Cheers to Sarajevo

World War I was precipitated by events in the Balkans, particularly the assassination of Prince Franz Ferdinand, the Austro-Hungarian Archduke.  They declared war on Serbia. By the end of World War I, the Ottoman and Austro-Hungarian Empire had effectively fallen apart.  After World War II, the Balkan states (Bosnia-Herzegovina, Serbia, Montenegro, Croatia, Slovenia and Macedonia, were incorporated into the Federal People’s Republic of Yugoslavia.  The Communist Party, under Josip Broz Tito, held Yugoslavia together until his death in 1980.  The union of the Balkan States started to fall apart with political discontent getting progressively more and more tense.  In 1991 Slovenia, Croatia and Macedonia declared their independence, and war followed unrest, officially beginning in April 1992 .  The Yugoslav army was dominated by Orthodox Christian Serbs.  Slovenia (Bosnia-Herzegovina) was predominantly Bosniak – Bosnian Muslim.  Most Croatians are Roman Catholic. There are also many Roma (formerly known as Gypsies) in the Balkan States.  The war ended in December 1995, after a massive genocide of the Bosniaks by the Serbs.

The play Cheers to Sarajevo is set in the latter days of this war.  Sarajevo is in Bosnia-Herzegovina. By then the city was effectively devastated.  The war was particularly known for its perpetration of rapes, mostly by Serbian forces of Bosniak women and the ICTY (International Criminal Tribunal for the former Yugoslavia) determined that systematic rape was a war crime. Statistics at the end of the war determined that 90% of the war crimes were perpetrated by Serbians, with 6% being perpetrated by Croatians and 4% by Bosniaks.  It is estimated that the number of women raped during this time could have been as high as 50 000.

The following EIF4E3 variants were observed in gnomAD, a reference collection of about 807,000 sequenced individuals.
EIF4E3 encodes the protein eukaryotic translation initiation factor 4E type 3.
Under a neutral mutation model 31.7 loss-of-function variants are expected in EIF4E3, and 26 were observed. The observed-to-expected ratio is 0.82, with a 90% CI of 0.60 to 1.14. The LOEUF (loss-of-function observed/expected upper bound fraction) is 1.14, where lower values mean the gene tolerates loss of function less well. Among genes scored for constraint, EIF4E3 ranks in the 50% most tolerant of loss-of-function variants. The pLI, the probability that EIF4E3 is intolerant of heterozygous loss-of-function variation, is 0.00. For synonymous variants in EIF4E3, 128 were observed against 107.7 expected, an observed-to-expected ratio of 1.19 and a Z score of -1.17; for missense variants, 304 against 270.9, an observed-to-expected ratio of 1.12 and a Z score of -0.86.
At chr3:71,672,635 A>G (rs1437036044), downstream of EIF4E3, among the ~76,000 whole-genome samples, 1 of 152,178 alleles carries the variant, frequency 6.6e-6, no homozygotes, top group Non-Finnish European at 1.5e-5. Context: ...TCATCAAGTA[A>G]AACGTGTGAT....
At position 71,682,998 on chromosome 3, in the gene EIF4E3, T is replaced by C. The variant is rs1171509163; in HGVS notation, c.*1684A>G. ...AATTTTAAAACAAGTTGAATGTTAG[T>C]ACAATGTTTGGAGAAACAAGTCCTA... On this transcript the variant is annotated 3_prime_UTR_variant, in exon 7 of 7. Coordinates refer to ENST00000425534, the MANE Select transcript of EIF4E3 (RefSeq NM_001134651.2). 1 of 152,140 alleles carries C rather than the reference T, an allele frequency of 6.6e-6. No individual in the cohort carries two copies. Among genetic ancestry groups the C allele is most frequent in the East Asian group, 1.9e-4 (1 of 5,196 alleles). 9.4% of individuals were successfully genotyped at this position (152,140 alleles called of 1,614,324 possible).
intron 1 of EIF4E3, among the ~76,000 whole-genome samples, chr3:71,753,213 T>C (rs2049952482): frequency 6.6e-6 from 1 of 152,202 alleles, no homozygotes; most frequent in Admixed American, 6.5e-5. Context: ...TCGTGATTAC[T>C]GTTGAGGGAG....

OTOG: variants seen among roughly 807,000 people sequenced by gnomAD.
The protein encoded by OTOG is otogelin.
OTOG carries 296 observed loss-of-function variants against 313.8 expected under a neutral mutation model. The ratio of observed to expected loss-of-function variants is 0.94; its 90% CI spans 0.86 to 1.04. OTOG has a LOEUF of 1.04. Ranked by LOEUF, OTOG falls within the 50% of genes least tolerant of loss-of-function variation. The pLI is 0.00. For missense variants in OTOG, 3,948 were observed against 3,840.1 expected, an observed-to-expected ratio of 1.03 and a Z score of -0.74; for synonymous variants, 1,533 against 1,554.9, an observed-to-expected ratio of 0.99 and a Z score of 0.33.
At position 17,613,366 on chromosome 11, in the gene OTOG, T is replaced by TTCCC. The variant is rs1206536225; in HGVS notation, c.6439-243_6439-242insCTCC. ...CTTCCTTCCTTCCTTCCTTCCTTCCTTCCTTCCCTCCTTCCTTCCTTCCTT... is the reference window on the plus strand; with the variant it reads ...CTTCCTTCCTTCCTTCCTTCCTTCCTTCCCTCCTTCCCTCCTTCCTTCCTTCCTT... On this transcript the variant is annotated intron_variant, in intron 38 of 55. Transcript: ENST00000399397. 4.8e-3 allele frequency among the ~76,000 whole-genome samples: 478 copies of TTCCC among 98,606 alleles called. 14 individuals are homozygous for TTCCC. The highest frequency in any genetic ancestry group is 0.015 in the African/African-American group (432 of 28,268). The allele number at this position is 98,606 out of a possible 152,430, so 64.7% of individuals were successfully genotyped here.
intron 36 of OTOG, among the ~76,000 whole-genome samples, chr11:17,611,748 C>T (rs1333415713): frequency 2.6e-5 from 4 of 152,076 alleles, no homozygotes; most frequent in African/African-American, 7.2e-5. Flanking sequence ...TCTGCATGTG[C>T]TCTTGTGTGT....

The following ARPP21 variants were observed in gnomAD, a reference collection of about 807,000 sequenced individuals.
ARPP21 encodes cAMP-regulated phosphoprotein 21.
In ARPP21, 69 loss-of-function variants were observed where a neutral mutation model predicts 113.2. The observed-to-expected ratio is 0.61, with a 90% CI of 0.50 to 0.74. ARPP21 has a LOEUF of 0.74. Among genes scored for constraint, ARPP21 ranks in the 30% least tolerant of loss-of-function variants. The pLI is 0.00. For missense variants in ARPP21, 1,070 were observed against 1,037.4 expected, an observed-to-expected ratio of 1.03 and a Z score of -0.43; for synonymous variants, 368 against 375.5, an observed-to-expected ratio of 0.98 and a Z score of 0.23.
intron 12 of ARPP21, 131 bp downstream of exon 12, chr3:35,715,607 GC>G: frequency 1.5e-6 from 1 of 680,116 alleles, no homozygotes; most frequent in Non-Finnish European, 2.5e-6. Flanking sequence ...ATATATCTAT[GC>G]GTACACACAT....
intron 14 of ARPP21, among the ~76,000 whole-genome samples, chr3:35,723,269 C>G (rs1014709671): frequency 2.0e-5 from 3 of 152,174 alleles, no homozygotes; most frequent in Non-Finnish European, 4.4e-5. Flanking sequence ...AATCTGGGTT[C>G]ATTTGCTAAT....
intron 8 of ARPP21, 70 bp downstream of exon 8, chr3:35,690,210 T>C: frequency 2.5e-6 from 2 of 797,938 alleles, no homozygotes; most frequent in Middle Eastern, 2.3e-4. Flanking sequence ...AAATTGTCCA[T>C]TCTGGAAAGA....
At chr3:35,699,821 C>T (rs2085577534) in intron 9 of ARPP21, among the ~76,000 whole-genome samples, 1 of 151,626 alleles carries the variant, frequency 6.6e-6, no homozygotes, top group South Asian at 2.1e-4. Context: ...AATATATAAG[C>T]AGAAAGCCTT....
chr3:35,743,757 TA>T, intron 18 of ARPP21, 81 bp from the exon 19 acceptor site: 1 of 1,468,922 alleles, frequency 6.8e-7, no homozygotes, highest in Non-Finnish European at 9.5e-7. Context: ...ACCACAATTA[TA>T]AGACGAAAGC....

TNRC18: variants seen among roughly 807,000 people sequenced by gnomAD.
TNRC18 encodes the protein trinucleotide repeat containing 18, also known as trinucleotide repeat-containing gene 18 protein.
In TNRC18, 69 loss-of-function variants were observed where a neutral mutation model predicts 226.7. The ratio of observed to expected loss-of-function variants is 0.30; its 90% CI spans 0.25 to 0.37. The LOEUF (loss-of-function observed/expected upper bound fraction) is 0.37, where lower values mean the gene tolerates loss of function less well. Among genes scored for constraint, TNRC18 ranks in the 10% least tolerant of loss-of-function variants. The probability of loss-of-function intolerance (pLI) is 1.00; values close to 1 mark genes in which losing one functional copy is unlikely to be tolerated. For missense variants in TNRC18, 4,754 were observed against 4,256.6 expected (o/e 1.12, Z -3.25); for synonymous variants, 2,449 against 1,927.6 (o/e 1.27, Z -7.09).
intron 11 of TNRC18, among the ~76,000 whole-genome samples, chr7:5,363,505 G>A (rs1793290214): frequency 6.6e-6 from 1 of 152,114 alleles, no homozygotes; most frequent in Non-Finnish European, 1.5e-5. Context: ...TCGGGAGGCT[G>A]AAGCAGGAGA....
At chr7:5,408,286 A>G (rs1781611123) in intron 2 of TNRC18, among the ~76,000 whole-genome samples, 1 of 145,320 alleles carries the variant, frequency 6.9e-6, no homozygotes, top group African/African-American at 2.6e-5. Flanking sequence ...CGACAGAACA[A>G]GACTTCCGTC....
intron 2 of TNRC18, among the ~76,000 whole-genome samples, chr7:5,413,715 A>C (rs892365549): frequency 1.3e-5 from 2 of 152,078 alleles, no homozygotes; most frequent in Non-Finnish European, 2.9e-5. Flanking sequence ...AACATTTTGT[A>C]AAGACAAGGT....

The three main characters in the play are Peter (Chris van Rensberg), a photojournalist from South Africa.  Mirella (Aimee Goldsmith), a Bosniak woman and Aleksander (Duane Behrens) the Greatest, a Serbian man.  The latter two have formed a romantic liaison.  There are two other actors,  Julian Kruger who takes several cameos and Yiorgo Sotiropolos who plays the role of a Serbian officer, Mladen.

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The acting is mostly superb, but I did lose the plot a few times.  There was a LOT of foreign language being used and it didn’t help that my knowledge of the history of the era was sketchy.  This is not an easy play to watch, but it is interesting, and a change from our endless South African navel gazing.  The play has travelled to Austria where it was well received.


“We feel an absolute urgency to tell this story so it is remembered and never forgotten. So much of what happened in Sarajevo was about violence against difference. Without expressing our traumatized past we merely manifest war into our daily mentality. A mentality of destruction perpetuated into our homes as rape, into our friendships as betrayal and ultimately into our society as apathy. This story is about the endurance of the human spirit to overcome insurmountable acts of violence and hate. It brings message of healing, history and love that is relevant not only on our own soil but to the world.” – Aimèe & Lidija

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Cheers to Sarajevo was written by Lidija Marelic and Aimëe Goldsmith and directed by Lidija Marelic with assistant director Larice Kell and designer Kayli Elit Smith. It runs at the Auto and General Theatre at the Square until 9 October 2016.


About moirads

Clergy person, theatre and music lover, avid reader, foodie. Basically, I write about what I do, where I go and things I love (or hate).
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